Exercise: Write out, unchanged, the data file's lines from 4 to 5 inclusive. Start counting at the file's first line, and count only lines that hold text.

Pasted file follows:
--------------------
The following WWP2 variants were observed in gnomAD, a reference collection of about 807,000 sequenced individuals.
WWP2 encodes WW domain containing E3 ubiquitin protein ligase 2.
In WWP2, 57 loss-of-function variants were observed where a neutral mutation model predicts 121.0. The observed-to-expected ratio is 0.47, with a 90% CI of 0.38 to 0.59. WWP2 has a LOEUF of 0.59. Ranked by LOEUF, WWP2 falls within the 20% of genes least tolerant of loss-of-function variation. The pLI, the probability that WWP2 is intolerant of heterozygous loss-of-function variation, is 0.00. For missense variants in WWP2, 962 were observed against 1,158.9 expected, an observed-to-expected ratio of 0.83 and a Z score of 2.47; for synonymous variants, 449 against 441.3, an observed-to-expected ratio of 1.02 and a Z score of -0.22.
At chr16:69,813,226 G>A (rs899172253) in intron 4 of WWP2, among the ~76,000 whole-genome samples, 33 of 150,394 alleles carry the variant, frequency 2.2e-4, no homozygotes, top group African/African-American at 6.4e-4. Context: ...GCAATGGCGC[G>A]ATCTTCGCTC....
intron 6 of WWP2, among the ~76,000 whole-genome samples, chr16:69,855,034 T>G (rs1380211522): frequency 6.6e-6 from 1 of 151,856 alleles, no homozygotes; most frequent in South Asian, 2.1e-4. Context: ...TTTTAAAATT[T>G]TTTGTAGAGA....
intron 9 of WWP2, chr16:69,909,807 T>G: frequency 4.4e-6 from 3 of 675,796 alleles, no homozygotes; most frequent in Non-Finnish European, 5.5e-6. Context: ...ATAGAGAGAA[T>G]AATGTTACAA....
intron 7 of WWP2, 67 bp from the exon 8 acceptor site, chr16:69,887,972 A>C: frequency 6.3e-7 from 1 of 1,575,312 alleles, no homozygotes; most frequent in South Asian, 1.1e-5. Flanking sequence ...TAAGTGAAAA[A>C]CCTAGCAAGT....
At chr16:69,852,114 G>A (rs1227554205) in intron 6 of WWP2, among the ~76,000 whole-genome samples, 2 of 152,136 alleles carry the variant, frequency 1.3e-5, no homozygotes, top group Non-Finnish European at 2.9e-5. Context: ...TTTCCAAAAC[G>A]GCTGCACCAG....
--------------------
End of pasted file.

At chr16:69,813,226 G>A (rs899172253) in intron 4 of WWP2, among the ~76,000 whole-genome samples, 33 of 150,394 alleles carry the variant, frequency 2.2e-4, no homozygotes, top group African/African-American at 6.4e-4. Context: ...GCAATGGCGC[G>A]ATCTTCGCTC....
intron 6 of WWP2, among the ~76,000 whole-genome samples, chr16:69,855,034 T>G (rs1380211522): frequency 6.6e-6 from 1 of 151,856 alleles, no homozygotes; most frequent in South Asian, 2.1e-4. Context: ...TTTTAAAATT[T>G]TTTGTAGAGA....